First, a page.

I love travelling. It’s amazing to be able to see new places and enjoy new experiences. Anyone who says that it’s about the journey, not the destination, has never been on a 15-hour flight with crying babies. To me, it’s about the journey you take once you’ve arrived at the destination. Do you go on your own and take the road less traveled? Or stick to the popular attractions?
The biggest problem I have when travelling, though, is staying connected. While our local telcos are having an all out war in an attempt to come up with the best roaming plans, they’re still teetering on the pricey side. Another option is to pick up a local SIM, but that has its complications too. So what’s left?
Well, the third option is to rent a portable wireless router from someone like Travel Recommends.
Travel Recommends is a company that provides a portable wireless router rental service for people who are travelling abroad. You can enjoy unlimited internet connectivity from as low as RM9/day, but the prices will vary depending on country. It is required that you reserve the router at least 5 working days before your date of departure.
Once you’ve picked your country and paid for the service (including an RM200 deposit for the router), you can either opt to pick it up at the KLIA Travel Recommends booth or have it delivered to you.
So, I went to New York last month and it was amazing. Here’s a photo of Central Park:
It’s beautiful. Now, here’s a photo of me in Central Park:
Much less beautiful. Here’s an amazing Shake Shack burger to make up for my horrible selfie:
Oops, I may have gone off on a little bit of a tangent here, let’s get back to the Travel Recommends router and the question that’s burning itself into the back of your mind (probably):
Is it any good?
Well, yes and no. One big yes is that Travel Recommends gives you a complete package of the wireless router, a charging cable, an international adapter and a bunch of quick-start guides that are all packed neatly into a bag the size of my face. Just bring that little bag along and you’re good to go.
It’s also incredibly easy to set up, as the included quick-start guide in my pack only needed three simple steps before I was connected and ready to go online. However, here’s when I hit my first snag: The connection isn’t particularly fantastic.
The speeds and network stability definitely left a lot to be desired. I stayed at The Westin in Times Square which is located pretty much at the heart of the large city, and here’s a screenshot of the speed test I was able to run on my first day there:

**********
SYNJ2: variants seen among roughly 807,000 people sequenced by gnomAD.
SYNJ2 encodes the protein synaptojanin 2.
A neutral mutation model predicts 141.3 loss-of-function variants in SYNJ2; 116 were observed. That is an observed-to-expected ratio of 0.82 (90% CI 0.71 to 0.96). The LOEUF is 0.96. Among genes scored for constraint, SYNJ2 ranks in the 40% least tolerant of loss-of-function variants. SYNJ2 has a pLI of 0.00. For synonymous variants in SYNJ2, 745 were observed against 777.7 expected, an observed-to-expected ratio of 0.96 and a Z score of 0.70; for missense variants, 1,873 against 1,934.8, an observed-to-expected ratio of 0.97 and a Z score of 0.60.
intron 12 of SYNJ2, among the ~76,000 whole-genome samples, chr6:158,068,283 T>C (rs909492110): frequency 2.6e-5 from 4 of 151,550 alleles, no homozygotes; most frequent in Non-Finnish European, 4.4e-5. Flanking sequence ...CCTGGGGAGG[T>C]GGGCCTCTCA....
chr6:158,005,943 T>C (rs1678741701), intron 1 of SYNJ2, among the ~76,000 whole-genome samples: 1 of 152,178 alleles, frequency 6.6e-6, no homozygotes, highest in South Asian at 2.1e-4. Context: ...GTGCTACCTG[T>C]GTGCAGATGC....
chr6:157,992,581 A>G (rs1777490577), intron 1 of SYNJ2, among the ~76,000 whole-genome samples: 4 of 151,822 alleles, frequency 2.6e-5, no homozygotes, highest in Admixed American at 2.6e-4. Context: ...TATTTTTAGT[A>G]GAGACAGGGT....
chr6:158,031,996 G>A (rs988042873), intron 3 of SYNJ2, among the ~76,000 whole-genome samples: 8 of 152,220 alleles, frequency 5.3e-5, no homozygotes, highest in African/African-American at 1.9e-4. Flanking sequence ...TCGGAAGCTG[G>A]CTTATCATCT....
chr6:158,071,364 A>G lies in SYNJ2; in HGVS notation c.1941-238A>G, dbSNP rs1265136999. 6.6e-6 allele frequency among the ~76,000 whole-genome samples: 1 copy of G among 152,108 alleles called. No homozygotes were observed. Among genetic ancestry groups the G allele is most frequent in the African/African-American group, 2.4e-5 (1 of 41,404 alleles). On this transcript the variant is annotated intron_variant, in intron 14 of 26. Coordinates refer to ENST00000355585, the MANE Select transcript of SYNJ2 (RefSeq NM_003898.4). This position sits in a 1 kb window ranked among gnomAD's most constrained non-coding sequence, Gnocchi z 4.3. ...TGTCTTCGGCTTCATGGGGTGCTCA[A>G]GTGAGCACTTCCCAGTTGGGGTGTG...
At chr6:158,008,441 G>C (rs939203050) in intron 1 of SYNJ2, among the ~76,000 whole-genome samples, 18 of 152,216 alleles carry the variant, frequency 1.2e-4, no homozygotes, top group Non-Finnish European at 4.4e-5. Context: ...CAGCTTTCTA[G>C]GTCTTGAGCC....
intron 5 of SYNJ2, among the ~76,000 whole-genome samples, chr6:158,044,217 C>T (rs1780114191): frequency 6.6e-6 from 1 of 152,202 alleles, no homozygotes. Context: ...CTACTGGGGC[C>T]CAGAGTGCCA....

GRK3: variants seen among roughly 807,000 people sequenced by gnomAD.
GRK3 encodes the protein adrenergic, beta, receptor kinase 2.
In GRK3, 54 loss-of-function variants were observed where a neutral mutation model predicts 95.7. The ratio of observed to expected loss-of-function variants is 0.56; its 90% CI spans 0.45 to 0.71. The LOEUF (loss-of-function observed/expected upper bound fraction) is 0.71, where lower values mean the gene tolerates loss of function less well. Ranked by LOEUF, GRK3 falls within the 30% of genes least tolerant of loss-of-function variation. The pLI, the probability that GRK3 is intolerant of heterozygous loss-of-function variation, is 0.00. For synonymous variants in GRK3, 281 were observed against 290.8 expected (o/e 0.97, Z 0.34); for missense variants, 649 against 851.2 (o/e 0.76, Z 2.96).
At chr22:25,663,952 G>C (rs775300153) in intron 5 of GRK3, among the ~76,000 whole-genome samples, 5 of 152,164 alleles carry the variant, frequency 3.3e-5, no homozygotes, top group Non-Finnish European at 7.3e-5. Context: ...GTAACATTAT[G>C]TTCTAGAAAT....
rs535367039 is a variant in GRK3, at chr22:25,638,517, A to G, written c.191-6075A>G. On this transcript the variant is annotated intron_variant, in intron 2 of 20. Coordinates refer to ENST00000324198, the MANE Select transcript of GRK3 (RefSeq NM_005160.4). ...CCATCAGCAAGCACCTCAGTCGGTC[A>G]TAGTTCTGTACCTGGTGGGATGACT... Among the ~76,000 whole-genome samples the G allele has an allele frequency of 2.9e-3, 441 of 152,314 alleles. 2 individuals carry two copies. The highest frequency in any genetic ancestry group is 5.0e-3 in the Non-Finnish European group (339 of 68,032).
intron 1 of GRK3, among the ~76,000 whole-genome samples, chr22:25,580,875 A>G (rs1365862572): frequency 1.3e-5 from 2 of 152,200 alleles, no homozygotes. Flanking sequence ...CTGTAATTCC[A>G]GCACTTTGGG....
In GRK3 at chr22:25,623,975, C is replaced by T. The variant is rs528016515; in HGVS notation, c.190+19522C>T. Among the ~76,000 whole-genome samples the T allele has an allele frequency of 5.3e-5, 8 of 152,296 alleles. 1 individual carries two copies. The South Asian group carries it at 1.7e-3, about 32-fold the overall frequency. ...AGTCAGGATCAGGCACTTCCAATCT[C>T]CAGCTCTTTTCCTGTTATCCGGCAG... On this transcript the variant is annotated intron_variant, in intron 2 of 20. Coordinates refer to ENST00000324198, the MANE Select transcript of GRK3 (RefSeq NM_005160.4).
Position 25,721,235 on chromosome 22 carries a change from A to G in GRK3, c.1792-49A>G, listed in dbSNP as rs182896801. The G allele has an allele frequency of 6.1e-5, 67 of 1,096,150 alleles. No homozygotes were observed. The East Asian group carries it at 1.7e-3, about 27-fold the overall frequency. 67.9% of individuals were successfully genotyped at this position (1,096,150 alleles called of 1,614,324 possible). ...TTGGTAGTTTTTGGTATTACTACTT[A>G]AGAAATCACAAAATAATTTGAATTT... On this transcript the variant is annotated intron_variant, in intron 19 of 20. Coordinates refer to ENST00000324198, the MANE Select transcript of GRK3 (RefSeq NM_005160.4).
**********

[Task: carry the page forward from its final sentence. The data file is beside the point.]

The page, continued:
Not particularly impressive if I may say so myself. Definitely not as impressive as these guys cosplaying characters from the Ghostbusters:
Anyway, there could, of course, be many reasons why the connectivity was so poor. The first being that my location in the heart of the city isn’t particularly ideal for network connectivity, what with all the tall concrete buildings towering over me.
However, the most likely cause for this poor result would be the network I was connected to — AT&T. A quick Google search of AT&T in New York reveals many articles that don’t exactly inspire confidence when it comes to network strength. My friend, on the other hand, who bought a local T-Mobile SIM had no problems with her data connection whatsoever, even achieving rather quick speeds.
Even my colleague from TheSkop who had a review unit when he went on his trip to Australia reported fast download speeds of around 25Mbps and good network coverage overall.
Things didn’t improve during the second half of my trip, when I moved towards the suburbs near Queens and Brooklyn, either. I had more consistency (and speed) connected to the various free WiFi hotspots in town.
There are other inconveniences with having an extra device with you too. The first being that you need to bring it around with you all the time so that adds weight to your pack. You also have to constantly keep it charged throughout the day as the battery life on that portable wireless router is good for a day at most.
Still, I am hopeful
Despite the hiccups and poor network connectivity, I was not left with a bitter taste in my mouth. All things considered, I think Travel Recommends’ biggest problem was their choice in network partner (in New York at least) which resulted in a rather mediocre experience for me.
However, I am very hopeful for the growth of this type of service. This is a service that offers a simple way to have unlimited data connection for an affordable price. Apple once said that the “most powerful technology should deliver incredible capability without the complexity”. I may not agree with much of what Cupertino does, but this is a statement I completely agree with.
There is a lot of ambiguity surrounding roaming that I’m sure many are hesitant to jump on board, especially with all the horror stories of bill shock stemming from roaming on the wrong network floating around. Buying a local SIM may be the best choice for those who are willing to put in the time and effort to research the best deal, but not everyone is willing to do that.
Simplicity, then, is Travel Recommends’ biggest strength. If only they’d improve their choice of network partner so I wouldn’t have to wait until I was back in Malaysia before uploading photos from my trip.
Before I sign off, I will leave you with a picture of a squirrel climbing up a fence: